Rousseff Faces Rebellion in Congress Before Brazil ElectionsAnna Edgerton and Raymond Colitt
A rebellion by Brazilian President Dilma Rousseff’s leading ally in Congress threatens to stall her legislative agenda, undermine her budget targets and erode support for her party in October’s general election.
Eduardo Cunha, a leader of the Brazilian Democratic Movement Party, or PMDB, said its alliance with Rousseff’s Workers’ Party, or PT, is in “crisis” and half the party says it needs to be reevaluated. The dissident PMDB legislators and opposition parties yesterday defeated the government by approving an inquiry into alleged corruption at state-controlled oil company Petrobras.
Dissatisfaction in Rousseff’s coalition over cuts in legislators’ pork barrel spending and over rival candidacies in gubernatorial races risk delaying bills to regulate the Internet and renegotiate debt of state governments. If Rousseff fails to appease allies, she may also lose support in key electoral states in the Oct. 5 presidential vote, said Cristiano Noronha, vice president at Arko Advice consulting firm in Brasilia.
“The risk is that the discontent could snowball to other parties and that would be bad news heading into an election,” Noronha said by telephone. “The dissatisfaction is not new but it’s more intense this time due to the electoral dispute.”
The presidential press office didn’t respond to an e-mail request for comment. Rousseff is eligible for re-election in October.
Finance Minister Guido Mantega last month said the government would reduce 44 billion reais ($19 billion) in expenditures from this year’s budget, eliminating 70 percent of funds earmarked for spending on projects in lawmakers’ constituencies.
“A political alliance is like a marriage,” said Cunha. “When you have an alliance, you have to respect your allies in a way that shows you care for them.”
Lower house committees have called nine ministers as well as Petrobras Chief Executive Officer Maria Das Gracas Silva Foster to answer questions concerning government measures and contracts in their areas, according to a note posted today on the congressional website.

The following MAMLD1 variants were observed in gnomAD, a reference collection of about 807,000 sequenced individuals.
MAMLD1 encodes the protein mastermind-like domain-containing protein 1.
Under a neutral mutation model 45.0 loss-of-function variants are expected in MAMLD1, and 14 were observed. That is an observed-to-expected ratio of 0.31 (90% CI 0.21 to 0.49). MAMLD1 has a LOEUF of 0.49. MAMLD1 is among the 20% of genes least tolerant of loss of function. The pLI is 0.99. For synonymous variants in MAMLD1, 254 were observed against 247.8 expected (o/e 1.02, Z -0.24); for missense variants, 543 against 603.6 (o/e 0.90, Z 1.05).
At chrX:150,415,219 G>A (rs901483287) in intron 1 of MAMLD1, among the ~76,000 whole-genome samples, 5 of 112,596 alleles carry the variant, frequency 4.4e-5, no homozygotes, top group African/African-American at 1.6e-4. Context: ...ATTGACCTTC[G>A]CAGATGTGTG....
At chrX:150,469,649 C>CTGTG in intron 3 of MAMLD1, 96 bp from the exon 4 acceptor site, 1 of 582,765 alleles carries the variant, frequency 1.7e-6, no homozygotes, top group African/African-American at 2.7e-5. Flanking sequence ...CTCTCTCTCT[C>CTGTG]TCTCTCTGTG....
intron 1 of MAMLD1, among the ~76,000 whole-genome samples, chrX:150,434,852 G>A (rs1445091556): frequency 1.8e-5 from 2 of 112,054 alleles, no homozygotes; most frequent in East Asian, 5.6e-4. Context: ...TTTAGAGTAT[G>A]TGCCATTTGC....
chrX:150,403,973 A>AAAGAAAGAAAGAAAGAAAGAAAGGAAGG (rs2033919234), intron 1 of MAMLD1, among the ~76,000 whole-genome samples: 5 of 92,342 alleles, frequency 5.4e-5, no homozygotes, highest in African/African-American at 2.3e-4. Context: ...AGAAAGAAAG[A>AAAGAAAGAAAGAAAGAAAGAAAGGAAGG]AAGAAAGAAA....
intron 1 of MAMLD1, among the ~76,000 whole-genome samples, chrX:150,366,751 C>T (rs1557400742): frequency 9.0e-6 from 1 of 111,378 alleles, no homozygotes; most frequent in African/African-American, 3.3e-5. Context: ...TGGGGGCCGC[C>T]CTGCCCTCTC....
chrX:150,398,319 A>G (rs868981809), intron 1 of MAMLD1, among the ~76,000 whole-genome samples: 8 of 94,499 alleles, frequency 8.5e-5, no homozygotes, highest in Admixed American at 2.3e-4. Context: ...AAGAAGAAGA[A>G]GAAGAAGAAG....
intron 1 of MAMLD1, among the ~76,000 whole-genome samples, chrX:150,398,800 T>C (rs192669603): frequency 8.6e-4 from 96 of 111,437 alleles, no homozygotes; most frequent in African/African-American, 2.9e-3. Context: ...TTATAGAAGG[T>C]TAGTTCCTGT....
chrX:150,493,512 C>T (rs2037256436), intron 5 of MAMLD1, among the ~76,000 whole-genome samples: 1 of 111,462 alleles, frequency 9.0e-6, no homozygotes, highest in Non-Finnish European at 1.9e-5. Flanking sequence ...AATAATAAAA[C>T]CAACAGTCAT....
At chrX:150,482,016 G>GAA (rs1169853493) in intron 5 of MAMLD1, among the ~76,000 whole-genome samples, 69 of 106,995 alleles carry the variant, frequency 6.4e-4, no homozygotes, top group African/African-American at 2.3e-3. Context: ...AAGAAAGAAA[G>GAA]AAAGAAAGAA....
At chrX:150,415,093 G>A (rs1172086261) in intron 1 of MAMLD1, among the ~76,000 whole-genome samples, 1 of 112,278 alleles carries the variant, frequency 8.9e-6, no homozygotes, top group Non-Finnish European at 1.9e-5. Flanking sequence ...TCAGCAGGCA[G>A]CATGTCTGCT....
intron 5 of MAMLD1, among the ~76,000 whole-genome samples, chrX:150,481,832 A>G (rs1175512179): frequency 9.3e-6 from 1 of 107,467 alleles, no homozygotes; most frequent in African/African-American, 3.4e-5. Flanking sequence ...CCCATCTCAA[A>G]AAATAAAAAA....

Petrobras said in February it started an internal audit of allegations of contract irregularities.
When Rousseff was elected in October 2010, she had 402 of 512 votes in the lower house. In yesterday’s vote to investigate alleged Petrobras corruption, 276 legislators voted against the government.
The PMDB, which holds five ministries and the leadership of both houses of Congress, is seeking more regional alliances with the PT to prevent the two parties from competing against each other in gubernatorial races, PMDB President Valdir Raupp told reporters March 10.
Congress hasn’t voted on the framework Internet legislation since Rousseff marked it as urgent in September, preventing other bills from being voted on the floor of the lower house. Lawmakers returned from a recess Feb. 2.
Henrique Alves, also of the PMDB and president of the lower house, asked for the Internet bill known as Marco Civil to be removed from the agenda today to allow for more time to reach an agreement, according to a note on the congressional website. Cunha said he would vote against the legislation.
Rousseff’s popularity will be fundamental in determining the PMDB’s allegiance, Joao Paulo Peixoto, a political science professor at the University of Brasilia, said. Her government approval rating fell to 39 percent from 43 percent in December, according to an Ibope poll published Feb. 21 in Estado de S. Paulo newspaper. The survey had a margin of error of 2 percentage points.
“No one likes to be on a sinking ship,” Peixoto said by phone from Brasilia. “If the other parties feel like she’s vulnerable, they’re going to without a doubt increase the intensity of these attacks.”